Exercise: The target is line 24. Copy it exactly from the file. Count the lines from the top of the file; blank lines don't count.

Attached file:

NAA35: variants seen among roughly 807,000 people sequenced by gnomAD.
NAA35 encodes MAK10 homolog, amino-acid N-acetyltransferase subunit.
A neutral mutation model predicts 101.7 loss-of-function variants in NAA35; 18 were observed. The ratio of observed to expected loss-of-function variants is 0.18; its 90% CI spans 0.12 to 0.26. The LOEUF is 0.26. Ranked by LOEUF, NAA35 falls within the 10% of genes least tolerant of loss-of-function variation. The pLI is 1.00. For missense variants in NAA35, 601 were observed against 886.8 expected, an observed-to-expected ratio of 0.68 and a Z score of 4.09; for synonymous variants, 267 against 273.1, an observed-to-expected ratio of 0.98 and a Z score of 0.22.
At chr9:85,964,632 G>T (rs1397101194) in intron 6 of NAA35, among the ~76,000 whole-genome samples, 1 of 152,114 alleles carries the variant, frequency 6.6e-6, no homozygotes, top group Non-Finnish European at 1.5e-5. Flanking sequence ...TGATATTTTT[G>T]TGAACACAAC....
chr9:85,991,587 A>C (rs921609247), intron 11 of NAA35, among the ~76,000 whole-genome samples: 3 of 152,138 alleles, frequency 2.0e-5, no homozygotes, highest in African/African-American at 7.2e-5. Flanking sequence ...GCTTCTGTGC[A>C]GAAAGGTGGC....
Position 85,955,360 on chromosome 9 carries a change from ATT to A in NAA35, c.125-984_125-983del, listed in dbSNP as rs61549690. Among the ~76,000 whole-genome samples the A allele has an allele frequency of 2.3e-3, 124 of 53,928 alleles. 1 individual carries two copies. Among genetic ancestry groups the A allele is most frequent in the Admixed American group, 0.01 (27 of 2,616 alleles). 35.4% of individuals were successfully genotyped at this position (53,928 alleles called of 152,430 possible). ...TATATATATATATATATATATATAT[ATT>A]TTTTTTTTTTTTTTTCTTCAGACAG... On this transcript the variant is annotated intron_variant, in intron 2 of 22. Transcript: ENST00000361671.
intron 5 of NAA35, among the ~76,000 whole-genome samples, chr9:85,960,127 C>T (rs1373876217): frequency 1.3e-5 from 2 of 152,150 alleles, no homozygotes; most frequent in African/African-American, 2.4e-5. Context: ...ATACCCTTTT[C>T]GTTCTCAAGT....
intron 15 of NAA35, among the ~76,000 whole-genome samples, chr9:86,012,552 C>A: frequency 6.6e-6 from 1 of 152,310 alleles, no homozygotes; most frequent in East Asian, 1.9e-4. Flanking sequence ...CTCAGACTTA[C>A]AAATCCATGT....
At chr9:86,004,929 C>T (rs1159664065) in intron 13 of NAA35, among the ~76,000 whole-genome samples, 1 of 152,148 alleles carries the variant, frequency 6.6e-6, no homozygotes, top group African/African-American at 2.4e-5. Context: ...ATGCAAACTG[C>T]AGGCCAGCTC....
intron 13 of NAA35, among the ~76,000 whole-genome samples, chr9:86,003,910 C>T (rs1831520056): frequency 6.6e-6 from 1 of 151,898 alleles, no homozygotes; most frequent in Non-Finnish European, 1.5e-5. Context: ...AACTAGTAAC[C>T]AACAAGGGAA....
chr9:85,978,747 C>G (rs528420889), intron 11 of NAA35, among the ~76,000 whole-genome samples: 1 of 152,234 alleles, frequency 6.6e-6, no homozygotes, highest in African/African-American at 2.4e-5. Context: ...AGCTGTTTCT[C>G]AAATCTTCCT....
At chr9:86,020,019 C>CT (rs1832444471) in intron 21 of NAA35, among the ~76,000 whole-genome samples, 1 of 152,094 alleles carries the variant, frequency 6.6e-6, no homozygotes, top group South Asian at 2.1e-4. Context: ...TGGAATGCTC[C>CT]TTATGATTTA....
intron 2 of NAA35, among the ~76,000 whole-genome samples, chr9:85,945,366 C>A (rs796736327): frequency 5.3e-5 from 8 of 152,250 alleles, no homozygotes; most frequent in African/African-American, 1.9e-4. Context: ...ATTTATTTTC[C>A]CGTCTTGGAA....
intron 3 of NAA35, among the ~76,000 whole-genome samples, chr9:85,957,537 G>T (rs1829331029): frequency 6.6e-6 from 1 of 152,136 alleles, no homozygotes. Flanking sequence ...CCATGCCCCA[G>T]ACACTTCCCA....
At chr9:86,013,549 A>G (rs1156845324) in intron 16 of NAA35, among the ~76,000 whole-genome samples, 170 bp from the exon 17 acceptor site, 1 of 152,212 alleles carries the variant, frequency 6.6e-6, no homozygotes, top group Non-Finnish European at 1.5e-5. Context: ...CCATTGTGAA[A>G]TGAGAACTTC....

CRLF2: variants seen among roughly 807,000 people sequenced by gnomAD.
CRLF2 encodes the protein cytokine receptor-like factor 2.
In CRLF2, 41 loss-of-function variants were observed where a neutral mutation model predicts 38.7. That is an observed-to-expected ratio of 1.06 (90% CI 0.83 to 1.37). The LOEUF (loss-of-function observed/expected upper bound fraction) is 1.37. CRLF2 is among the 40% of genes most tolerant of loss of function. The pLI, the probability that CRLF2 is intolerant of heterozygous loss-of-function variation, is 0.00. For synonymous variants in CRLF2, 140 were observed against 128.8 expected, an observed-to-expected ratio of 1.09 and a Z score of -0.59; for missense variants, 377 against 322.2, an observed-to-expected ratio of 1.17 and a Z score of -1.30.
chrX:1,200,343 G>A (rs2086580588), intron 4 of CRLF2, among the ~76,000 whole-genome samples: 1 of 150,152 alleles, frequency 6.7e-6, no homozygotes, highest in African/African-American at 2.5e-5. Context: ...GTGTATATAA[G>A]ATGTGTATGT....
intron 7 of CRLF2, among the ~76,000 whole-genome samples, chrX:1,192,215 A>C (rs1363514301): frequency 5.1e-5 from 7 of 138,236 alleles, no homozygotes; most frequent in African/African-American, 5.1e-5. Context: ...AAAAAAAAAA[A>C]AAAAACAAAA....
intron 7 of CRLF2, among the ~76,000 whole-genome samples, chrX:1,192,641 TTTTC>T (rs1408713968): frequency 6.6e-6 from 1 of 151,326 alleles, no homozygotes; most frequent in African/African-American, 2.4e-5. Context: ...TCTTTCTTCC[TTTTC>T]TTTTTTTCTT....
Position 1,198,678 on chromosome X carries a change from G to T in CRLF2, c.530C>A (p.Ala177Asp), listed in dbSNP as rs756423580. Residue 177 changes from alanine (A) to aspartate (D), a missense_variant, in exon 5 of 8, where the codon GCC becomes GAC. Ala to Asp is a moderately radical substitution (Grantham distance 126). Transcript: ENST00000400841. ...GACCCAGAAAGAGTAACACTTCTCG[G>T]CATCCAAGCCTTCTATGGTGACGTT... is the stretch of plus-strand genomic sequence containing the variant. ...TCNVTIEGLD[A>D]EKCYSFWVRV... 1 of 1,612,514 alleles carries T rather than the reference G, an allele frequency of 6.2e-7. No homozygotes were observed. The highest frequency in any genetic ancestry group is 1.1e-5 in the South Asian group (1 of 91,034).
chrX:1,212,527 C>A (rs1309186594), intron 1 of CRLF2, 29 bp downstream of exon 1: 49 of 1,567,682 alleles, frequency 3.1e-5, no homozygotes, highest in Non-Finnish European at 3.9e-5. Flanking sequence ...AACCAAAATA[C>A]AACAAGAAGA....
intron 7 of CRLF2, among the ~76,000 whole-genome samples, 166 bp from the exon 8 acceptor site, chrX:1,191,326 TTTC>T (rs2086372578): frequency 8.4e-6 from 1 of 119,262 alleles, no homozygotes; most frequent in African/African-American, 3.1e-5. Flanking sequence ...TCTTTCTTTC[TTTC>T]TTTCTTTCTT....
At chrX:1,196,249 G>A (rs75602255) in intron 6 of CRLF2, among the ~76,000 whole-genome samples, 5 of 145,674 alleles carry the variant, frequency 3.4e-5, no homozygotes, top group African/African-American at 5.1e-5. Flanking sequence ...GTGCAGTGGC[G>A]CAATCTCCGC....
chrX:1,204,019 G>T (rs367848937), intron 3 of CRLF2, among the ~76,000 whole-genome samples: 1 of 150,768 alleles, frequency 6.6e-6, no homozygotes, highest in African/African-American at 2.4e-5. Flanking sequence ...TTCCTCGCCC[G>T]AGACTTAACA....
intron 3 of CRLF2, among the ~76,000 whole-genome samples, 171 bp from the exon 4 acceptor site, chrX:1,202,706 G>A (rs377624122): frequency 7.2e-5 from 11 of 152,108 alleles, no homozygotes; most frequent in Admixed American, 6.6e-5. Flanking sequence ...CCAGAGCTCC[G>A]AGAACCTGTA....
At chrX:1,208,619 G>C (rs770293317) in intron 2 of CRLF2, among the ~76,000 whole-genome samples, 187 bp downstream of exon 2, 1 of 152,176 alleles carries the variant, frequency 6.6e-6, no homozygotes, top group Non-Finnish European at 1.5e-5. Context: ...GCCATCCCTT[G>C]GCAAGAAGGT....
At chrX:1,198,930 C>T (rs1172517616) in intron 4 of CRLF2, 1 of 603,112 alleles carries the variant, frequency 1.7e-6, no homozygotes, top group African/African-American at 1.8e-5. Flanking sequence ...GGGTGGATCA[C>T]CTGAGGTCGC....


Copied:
intron 7 of CRLF2, among the ~76,000 whole-genome samples, 166 bp from the exon 8 acceptor site, chrX:1,191,326 TTTC>T (rs2086372578): frequency 8.4e-6 from 1 of 119,262 alleles, no homozygotes; most frequent in African/African-American, 3.1e-5. Flanking sequence ...TCTTTCTTTC[TTTC>T]TTTCTTTCTT....